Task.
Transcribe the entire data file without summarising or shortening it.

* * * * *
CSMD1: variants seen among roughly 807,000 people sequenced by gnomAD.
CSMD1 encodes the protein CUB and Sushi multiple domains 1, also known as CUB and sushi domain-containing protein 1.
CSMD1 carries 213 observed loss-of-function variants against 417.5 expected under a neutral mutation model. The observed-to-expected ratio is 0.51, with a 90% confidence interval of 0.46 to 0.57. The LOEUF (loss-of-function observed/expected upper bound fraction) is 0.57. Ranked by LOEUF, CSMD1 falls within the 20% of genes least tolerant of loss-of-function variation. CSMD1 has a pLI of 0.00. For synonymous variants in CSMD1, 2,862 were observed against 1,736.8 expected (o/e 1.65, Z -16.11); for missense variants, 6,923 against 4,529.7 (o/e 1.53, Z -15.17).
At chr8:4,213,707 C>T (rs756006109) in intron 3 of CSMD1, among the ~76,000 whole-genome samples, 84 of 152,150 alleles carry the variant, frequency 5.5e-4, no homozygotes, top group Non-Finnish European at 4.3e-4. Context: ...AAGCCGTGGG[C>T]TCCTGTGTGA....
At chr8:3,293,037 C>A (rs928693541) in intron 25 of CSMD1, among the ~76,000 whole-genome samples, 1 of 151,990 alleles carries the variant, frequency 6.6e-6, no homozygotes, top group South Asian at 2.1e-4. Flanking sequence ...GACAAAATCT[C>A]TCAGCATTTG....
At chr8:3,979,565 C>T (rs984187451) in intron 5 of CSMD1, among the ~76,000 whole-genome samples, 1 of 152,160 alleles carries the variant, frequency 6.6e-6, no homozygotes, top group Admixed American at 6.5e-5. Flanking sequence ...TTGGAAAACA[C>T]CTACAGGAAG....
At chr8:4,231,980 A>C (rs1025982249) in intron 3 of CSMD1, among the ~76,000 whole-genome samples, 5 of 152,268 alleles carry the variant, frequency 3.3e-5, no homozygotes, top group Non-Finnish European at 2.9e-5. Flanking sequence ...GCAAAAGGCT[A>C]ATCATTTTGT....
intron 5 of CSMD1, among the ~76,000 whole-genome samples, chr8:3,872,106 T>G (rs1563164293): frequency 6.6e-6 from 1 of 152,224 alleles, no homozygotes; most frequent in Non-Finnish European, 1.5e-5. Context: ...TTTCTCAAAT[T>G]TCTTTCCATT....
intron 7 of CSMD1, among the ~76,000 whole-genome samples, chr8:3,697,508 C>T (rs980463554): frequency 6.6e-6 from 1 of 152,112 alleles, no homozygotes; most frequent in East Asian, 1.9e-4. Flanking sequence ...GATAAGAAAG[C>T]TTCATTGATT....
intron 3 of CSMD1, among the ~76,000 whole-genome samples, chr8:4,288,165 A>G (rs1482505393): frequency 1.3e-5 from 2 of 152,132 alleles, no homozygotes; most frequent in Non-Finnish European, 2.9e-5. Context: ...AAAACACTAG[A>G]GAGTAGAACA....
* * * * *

CSMD1: variants seen among roughly 807,000 people sequenced by gnomAD.
CSMD1 encodes the protein CUB and Sushi multiple domains 1, also known as CUB and sushi domain-containing protein 1.
CSMD1 carries 213 observed loss-of-function variants against 417.5 expected under a neutral mutation model. The observed-to-expected ratio is 0.51, with a 90% confidence interval of 0.46 to 0.57. The LOEUF (loss-of-function observed/expected upper bound fraction) is 0.57. Ranked by LOEUF, CSMD1 falls within the 20% of genes least tolerant of loss-of-function variation. CSMD1 has a pLI of 0.00. For synonymous variants in CSMD1, 2,862 were observed against 1,736.8 expected (o/e 1.65, Z -16.11); for missense variants, 6,923 against 4,529.7 (o/e 1.53, Z -15.17).
At chr8:4,213,707 C>T (rs756006109) in intron 3 of CSMD1, among the ~76,000 whole-genome samples, 84 of 152,150 alleles carry the variant, frequency 5.5e-4, no homozygotes, top group Non-Finnish European at 4.3e-4. Context: ...AAGCCGTGGG[C>T]TCCTGTGTGA....
At chr8:3,293,037 C>A (rs928693541) in intron 25 of CSMD1, among the ~76,000 whole-genome samples, 1 of 151,990 alleles carries the variant, frequency 6.6e-6, no homozygotes, top group South Asian at 2.1e-4. Flanking sequence ...GACAAAATCT[C>A]TCAGCATTTG....
At chr8:3,979,565 C>T (rs984187451) in intron 5 of CSMD1, among the ~76,000 whole-genome samples, 1 of 152,160 alleles carries the variant, frequency 6.6e-6, no homozygotes, top group Admixed American at 6.5e-5. Flanking sequence ...TTGGAAAACA[C>T]CTACAGGAAG....
At chr8:4,231,980 A>C (rs1025982249) in intron 3 of CSMD1, among the ~76,000 whole-genome samples, 5 of 152,268 alleles carry the variant, frequency 3.3e-5, no homozygotes, top group Non-Finnish European at 2.9e-5. Flanking sequence ...GCAAAAGGCT[A>C]ATCATTTTGT....
intron 5 of CSMD1, among the ~76,000 whole-genome samples, chr8:3,872,106 T>G (rs1563164293): frequency 6.6e-6 from 1 of 152,224 alleles, no homozygotes; most frequent in Non-Finnish European, 1.5e-5. Context: ...TTTCTCAAAT[T>G]TCTTTCCATT....
intron 7 of CSMD1, among the ~76,000 whole-genome samples, chr8:3,697,508 C>T (rs980463554): frequency 6.6e-6 from 1 of 152,112 alleles, no homozygotes; most frequent in East Asian, 1.9e-4. Flanking sequence ...GATAAGAAAG[C>T]TTCATTGATT....
intron 3 of CSMD1, among the ~76,000 whole-genome samples, chr8:4,288,165 A>G (rs1482505393): frequency 1.3e-5 from 2 of 152,132 alleles, no homozygotes; most frequent in Non-Finnish European, 2.9e-5. Context: ...AAAACACTAG[A>G]GAGTAGAACA....